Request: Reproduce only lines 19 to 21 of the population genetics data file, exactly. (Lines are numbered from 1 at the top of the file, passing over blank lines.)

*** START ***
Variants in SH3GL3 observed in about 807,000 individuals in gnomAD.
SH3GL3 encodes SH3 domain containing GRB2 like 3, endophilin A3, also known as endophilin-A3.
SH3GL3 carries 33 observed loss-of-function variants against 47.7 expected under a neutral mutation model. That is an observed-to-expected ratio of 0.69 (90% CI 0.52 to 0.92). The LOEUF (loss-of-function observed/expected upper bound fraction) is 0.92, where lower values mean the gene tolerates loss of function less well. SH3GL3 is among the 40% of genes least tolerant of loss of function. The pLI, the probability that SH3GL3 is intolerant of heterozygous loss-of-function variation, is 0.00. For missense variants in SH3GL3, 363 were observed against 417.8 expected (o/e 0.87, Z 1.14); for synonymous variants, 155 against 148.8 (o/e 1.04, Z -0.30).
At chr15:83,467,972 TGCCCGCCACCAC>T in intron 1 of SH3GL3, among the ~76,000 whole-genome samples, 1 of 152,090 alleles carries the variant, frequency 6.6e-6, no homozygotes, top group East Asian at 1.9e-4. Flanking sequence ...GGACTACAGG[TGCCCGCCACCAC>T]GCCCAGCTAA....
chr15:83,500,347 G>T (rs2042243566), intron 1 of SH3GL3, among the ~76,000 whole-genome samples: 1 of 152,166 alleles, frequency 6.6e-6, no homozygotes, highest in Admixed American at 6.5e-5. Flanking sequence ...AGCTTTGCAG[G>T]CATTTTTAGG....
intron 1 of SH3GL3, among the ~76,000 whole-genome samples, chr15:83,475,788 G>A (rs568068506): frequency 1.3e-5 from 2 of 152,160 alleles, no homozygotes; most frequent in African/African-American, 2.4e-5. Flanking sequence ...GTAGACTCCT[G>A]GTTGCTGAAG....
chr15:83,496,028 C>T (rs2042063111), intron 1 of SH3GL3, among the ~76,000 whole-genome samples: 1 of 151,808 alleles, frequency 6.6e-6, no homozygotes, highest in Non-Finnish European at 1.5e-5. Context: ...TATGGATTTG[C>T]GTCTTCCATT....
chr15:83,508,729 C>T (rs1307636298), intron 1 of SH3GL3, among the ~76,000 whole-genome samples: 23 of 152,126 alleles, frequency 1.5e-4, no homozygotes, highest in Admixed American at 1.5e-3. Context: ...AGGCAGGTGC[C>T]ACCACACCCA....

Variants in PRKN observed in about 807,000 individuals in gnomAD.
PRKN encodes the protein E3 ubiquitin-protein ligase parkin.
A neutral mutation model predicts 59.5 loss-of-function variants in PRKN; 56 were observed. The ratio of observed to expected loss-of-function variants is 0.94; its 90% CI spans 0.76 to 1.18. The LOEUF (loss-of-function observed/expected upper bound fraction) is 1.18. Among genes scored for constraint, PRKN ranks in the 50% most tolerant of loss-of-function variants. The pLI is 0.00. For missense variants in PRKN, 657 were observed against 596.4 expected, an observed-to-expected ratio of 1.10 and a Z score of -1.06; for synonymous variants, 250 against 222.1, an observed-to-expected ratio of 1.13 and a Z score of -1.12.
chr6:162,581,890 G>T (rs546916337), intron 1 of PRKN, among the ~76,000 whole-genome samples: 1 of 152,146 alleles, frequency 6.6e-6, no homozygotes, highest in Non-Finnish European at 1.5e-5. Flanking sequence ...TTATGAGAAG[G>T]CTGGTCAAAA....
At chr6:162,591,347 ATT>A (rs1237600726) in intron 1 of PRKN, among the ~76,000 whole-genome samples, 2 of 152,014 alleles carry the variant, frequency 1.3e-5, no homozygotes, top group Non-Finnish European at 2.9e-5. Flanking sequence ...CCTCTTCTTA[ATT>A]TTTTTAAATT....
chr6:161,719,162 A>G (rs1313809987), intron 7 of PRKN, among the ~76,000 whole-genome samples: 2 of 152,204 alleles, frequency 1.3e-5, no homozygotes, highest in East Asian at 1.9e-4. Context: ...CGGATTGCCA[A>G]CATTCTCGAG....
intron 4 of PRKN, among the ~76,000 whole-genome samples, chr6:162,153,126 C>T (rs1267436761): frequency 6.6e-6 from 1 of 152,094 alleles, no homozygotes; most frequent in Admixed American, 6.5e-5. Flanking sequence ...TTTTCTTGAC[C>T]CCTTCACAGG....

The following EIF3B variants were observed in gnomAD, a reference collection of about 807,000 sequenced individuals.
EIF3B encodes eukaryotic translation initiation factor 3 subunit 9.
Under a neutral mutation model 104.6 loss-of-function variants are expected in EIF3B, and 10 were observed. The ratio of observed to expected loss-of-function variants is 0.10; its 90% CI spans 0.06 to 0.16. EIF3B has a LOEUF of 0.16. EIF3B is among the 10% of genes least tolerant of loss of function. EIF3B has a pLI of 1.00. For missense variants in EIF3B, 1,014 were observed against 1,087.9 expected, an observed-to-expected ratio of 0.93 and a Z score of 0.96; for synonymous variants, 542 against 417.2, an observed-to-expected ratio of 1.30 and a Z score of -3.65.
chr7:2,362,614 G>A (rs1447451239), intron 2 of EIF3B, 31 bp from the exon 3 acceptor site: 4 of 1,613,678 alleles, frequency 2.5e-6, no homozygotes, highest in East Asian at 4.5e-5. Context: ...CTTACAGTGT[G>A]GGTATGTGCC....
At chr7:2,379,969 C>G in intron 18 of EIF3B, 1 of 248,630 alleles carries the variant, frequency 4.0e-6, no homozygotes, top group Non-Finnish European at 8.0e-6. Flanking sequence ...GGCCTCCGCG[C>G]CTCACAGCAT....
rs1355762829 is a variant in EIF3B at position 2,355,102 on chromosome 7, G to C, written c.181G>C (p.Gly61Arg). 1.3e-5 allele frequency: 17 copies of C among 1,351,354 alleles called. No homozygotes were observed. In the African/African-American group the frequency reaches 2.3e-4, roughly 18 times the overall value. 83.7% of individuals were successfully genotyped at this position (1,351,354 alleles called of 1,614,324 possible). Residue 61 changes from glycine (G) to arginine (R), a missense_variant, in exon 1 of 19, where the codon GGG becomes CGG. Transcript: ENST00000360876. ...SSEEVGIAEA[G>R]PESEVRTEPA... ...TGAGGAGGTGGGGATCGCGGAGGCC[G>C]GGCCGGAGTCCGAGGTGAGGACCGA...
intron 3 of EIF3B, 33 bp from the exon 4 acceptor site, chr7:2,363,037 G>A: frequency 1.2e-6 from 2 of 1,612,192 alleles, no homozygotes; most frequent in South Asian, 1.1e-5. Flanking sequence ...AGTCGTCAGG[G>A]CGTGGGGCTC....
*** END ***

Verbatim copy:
chr7:2,362,614 G>A (rs1447451239), intron 2 of EIF3B, 31 bp from the exon 3 acceptor site: 4 of 1,613,678 alleles, frequency 2.5e-6, no homozygotes, highest in East Asian at 4.5e-5. Context: ...CTTACAGTGT[G>A]GGTATGTGCC....
At chr7:2,379,969 C>G in intron 18 of EIF3B, 1 of 248,630 alleles carries the variant, frequency 4.0e-6, no homozygotes, top group Non-Finnish European at 8.0e-6. Flanking sequence ...GGCCTCCGCG[C>G]CTCACAGCAT....
rs1355762829 is a variant in EIF3B at position 2,355,102 on chromosome 7, G to C, written c.181G>C (p.Gly61Arg). 1.3e-5 allele frequency: 17 copies of C among 1,351,354 alleles called. No homozygotes were observed. In the African/African-American group the frequency reaches 2.3e-4, roughly 18 times the overall value. 83.7% of individuals were successfully genotyped at this position (1,351,354 alleles called of 1,614,324 possible). Residue 61 changes from glycine (G) to arginine (R), a missense_variant, in exon 1 of 19, where the codon GGG becomes CGG. Transcript: ENST00000360876. ...SSEEVGIAEA[G>R]PESEVRTEPA... ...TGAGGAGGTGGGGATCGCGGAGGCC[G>C]GGCCGGAGTCCGAGGTGAGGACCGA...